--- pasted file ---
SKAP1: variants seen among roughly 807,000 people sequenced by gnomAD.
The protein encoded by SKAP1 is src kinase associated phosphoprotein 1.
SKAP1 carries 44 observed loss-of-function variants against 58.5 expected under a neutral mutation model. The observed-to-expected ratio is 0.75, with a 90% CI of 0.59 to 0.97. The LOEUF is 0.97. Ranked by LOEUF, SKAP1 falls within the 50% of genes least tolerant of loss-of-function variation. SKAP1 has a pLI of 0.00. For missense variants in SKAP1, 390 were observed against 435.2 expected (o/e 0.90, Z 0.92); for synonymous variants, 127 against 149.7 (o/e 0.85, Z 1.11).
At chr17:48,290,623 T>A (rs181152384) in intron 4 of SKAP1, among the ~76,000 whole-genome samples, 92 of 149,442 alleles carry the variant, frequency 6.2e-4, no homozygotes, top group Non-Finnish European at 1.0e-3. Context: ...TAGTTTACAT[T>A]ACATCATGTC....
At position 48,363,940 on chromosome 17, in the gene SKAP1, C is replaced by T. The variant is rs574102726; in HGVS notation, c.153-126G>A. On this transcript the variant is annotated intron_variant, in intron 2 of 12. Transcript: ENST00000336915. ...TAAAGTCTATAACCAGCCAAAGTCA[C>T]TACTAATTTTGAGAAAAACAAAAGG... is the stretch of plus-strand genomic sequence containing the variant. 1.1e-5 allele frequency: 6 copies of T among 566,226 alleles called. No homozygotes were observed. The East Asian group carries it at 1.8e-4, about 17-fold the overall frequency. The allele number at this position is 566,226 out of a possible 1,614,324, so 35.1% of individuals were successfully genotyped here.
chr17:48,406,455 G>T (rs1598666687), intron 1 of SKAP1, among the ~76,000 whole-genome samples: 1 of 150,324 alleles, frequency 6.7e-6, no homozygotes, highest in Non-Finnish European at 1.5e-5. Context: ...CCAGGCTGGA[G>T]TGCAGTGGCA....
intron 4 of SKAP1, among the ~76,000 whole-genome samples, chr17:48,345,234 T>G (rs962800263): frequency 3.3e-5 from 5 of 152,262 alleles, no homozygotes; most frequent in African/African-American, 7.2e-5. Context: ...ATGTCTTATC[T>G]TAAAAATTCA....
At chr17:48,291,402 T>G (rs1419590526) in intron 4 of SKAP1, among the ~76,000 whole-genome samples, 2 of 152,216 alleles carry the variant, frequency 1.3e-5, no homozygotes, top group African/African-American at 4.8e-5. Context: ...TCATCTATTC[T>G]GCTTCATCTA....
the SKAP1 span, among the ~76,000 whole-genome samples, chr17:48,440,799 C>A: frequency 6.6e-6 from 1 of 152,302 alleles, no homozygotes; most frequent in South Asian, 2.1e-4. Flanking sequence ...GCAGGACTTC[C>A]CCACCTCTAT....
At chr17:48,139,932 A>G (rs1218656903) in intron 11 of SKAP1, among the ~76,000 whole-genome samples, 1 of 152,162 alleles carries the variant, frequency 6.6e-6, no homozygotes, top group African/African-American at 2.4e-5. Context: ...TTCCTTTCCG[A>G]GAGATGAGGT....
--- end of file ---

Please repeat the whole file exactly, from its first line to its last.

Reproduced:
SKAP1: variants seen among roughly 807,000 people sequenced by gnomAD.
The protein encoded by SKAP1 is src kinase associated phosphoprotein 1.
SKAP1 carries 44 observed loss-of-function variants against 58.5 expected under a neutral mutation model. The observed-to-expected ratio is 0.75, with a 90% CI of 0.59 to 0.97. The LOEUF is 0.97. Ranked by LOEUF, SKAP1 falls within the 50% of genes least tolerant of loss-of-function variation. SKAP1 has a pLI of 0.00. For missense variants in SKAP1, 390 were observed against 435.2 expected (o/e 0.90, Z 0.92); for synonymous variants, 127 against 149.7 (o/e 0.85, Z 1.11).
At chr17:48,290,623 T>A (rs181152384) in intron 4 of SKAP1, among the ~76,000 whole-genome samples, 92 of 149,442 alleles carry the variant, frequency 6.2e-4, no homozygotes, top group Non-Finnish European at 1.0e-3. Context: ...TAGTTTACAT[T>A]ACATCATGTC....
At position 48,363,940 on chromosome 17, in the gene SKAP1, C is replaced by T. The variant is rs574102726; in HGVS notation, c.153-126G>A. On this transcript the variant is annotated intron_variant, in intron 2 of 12. Transcript: ENST00000336915. ...TAAAGTCTATAACCAGCCAAAGTCA[C>T]TACTAATTTTGAGAAAAACAAAAGG... is the stretch of plus-strand genomic sequence containing the variant. 1.1e-5 allele frequency: 6 copies of T among 566,226 alleles called. No homozygotes were observed. The East Asian group carries it at 1.8e-4, about 17-fold the overall frequency. The allele number at this position is 566,226 out of a possible 1,614,324, so 35.1% of individuals were successfully genotyped here.
chr17:48,406,455 G>T (rs1598666687), intron 1 of SKAP1, among the ~76,000 whole-genome samples: 1 of 150,324 alleles, frequency 6.7e-6, no homozygotes, highest in Non-Finnish European at 1.5e-5. Context: ...CCAGGCTGGA[G>T]TGCAGTGGCA....
intron 4 of SKAP1, among the ~76,000 whole-genome samples, chr17:48,345,234 T>G (rs962800263): frequency 3.3e-5 from 5 of 152,262 alleles, no homozygotes; most frequent in African/African-American, 7.2e-5. Context: ...ATGTCTTATC[T>G]TAAAAATTCA....
At chr17:48,291,402 T>G (rs1419590526) in intron 4 of SKAP1, among the ~76,000 whole-genome samples, 2 of 152,216 alleles carry the variant, frequency 1.3e-5, no homozygotes, top group African/African-American at 4.8e-5. Context: ...TCATCTATTC[T>G]GCTTCATCTA....
the SKAP1 span, among the ~76,000 whole-genome samples, chr17:48,440,799 C>A: frequency 6.6e-6 from 1 of 152,302 alleles, no homozygotes; most frequent in South Asian, 2.1e-4. Flanking sequence ...GCAGGACTTC[C>A]CCACCTCTAT....
At chr17:48,139,932 A>G (rs1218656903) in intron 11 of SKAP1, among the ~76,000 whole-genome samples, 1 of 152,162 alleles carries the variant, frequency 6.6e-6, no homozygotes, top group African/African-American at 2.4e-5. Context: ...TTCCTTTCCG[A>G]GAGATGAGGT....